In another embodiment, two or more methods of the invention may be performed separately and the second set of one or more microorganisms acquired in step c) of each separate method combined. In one embodiment, the combined microorganisms are used as the first set of one or more microorganisms in step a) of any successive repeat of the method of the invention.

In one embodiment, the methods of the first aspect of the invention may also be useful in identifying and/or selecting one or more endophytic microorganism capable of imparting one or more beneficial property to a plant.

In one embodiment, plant material (including for example seeds, seedlings, cuttings, and/or propagules thereof) may be used as the source of microorganisms for step a). In a preferred embodiment, the plant material used as a source for microorganisms in step a) is seed material. Preferably, the plant material is surface sterilised.

In another embodiment, the methods of the first aspect of the invention may be useful in identifying and/or selecting one or more unculturable microorganism capable of imparting one or more beneficial property to a plant. In this embodiment, plant material (including for example seeds, seedlings, cuttings, and/or propagules thereof) may be used as the source of microorganisms for step a). In a preferred embodiment, the plant material used as a source for microorganisms in step a) is explant material (for example, plant cuttings). Preferably, the plant material is surface sterilised.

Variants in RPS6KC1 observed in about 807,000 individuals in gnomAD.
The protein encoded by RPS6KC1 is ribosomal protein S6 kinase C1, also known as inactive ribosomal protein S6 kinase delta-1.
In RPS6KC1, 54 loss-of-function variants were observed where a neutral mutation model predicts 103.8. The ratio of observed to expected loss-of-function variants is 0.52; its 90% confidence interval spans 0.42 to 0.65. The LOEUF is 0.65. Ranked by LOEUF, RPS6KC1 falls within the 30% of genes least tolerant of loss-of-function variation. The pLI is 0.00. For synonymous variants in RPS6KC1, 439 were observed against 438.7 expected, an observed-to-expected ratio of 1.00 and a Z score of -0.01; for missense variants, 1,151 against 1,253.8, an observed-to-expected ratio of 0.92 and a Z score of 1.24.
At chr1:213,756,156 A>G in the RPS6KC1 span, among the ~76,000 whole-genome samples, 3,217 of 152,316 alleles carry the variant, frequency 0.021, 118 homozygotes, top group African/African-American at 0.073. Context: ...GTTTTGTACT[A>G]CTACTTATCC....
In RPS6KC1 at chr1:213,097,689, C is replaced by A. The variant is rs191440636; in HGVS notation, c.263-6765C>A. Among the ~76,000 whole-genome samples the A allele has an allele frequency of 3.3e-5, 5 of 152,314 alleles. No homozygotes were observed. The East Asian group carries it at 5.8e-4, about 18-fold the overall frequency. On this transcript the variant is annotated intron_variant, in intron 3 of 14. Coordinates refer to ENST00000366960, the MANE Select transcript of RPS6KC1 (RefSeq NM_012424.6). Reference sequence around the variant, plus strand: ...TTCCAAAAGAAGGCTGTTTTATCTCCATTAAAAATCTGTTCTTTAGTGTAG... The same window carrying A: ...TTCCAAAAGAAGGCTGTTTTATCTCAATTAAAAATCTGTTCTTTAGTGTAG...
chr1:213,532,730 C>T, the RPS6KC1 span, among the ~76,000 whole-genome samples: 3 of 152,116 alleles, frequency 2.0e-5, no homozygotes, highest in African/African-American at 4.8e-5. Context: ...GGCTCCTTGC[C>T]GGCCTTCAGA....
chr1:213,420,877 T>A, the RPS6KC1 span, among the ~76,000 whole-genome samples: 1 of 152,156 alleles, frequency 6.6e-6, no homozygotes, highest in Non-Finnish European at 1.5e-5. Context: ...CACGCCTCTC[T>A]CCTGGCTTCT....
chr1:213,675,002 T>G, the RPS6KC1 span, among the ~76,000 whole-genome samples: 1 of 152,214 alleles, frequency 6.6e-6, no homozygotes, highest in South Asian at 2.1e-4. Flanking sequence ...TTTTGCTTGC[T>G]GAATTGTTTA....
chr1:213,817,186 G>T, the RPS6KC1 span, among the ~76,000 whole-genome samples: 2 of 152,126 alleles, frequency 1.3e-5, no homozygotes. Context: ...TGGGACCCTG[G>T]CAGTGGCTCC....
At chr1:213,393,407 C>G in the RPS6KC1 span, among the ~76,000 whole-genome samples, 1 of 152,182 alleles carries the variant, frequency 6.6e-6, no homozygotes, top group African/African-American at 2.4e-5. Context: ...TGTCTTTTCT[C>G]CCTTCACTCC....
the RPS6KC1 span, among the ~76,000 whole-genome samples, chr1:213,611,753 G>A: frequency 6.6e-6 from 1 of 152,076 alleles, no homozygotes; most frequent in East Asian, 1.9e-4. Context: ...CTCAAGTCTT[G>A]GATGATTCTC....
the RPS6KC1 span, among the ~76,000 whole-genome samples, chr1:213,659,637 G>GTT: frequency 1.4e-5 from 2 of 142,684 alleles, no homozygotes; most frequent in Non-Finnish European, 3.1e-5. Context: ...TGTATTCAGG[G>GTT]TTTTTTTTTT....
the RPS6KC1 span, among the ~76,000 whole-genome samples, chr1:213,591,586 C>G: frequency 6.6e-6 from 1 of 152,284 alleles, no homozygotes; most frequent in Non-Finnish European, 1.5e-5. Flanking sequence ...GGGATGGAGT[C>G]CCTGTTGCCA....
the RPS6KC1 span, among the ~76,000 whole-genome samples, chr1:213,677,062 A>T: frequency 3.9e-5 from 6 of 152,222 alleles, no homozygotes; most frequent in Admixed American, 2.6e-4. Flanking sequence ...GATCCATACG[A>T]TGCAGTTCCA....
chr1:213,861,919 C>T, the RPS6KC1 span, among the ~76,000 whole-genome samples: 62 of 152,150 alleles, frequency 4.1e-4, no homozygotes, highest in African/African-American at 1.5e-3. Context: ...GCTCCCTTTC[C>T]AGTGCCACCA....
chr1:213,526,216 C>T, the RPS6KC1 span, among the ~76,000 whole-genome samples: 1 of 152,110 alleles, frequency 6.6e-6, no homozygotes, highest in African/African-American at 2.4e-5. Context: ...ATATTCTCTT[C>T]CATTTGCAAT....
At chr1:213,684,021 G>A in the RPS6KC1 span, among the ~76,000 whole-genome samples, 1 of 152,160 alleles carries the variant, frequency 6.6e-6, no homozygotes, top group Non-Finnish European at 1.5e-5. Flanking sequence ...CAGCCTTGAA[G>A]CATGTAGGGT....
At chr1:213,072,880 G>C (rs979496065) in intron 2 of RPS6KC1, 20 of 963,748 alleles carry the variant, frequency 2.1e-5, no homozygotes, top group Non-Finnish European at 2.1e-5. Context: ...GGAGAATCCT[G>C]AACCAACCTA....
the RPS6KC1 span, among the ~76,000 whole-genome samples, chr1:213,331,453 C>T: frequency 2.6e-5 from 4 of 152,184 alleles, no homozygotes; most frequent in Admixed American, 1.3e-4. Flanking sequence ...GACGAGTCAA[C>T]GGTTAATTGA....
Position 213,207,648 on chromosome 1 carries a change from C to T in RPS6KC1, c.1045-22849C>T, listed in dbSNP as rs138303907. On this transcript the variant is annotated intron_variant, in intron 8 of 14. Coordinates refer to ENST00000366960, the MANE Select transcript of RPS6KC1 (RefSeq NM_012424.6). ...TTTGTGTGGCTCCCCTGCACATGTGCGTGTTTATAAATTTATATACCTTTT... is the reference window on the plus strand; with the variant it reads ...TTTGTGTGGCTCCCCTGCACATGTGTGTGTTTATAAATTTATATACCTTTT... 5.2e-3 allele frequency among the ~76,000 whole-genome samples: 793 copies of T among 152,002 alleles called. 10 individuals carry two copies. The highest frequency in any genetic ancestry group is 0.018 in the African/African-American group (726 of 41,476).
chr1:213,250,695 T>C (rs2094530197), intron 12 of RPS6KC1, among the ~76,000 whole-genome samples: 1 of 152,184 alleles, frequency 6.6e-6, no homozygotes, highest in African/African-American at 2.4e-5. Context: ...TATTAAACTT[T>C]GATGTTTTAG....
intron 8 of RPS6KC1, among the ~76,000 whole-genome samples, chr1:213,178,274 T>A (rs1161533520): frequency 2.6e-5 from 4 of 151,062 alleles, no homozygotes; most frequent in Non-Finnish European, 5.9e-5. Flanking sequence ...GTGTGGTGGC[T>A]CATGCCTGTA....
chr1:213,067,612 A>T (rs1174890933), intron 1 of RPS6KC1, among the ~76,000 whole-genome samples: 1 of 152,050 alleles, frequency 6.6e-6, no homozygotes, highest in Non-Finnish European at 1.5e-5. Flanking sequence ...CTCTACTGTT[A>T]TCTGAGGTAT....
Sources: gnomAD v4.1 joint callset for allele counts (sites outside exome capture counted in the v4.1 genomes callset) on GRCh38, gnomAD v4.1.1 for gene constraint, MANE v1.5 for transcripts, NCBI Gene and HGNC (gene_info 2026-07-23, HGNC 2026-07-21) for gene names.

In a second broad aspect, there is provided a method for assisting in the improvement of one or more plants according to a method as herein described, comprising arranging for the evaluation of said plant(s) in the presence of one or more microorganisms and/or compositions. The method preferably comprises at least the steps of a method of the first, seventh (and/or related) aspect, and/or the eighth (and/or related) aspect of the invention.

According to one embodiment, the plant(s) are for growing in a first region. The microorganism(s) may or may not (or at least to a significant extent) be present in the first region.

“Region” and “first region” are to be interpreted broadly as meaning one or more areas of land. The land areas may be defined by geographical/political/private land boundaries or by land areas having similar properties such as climate, soil properties, presence of a particular pest etc.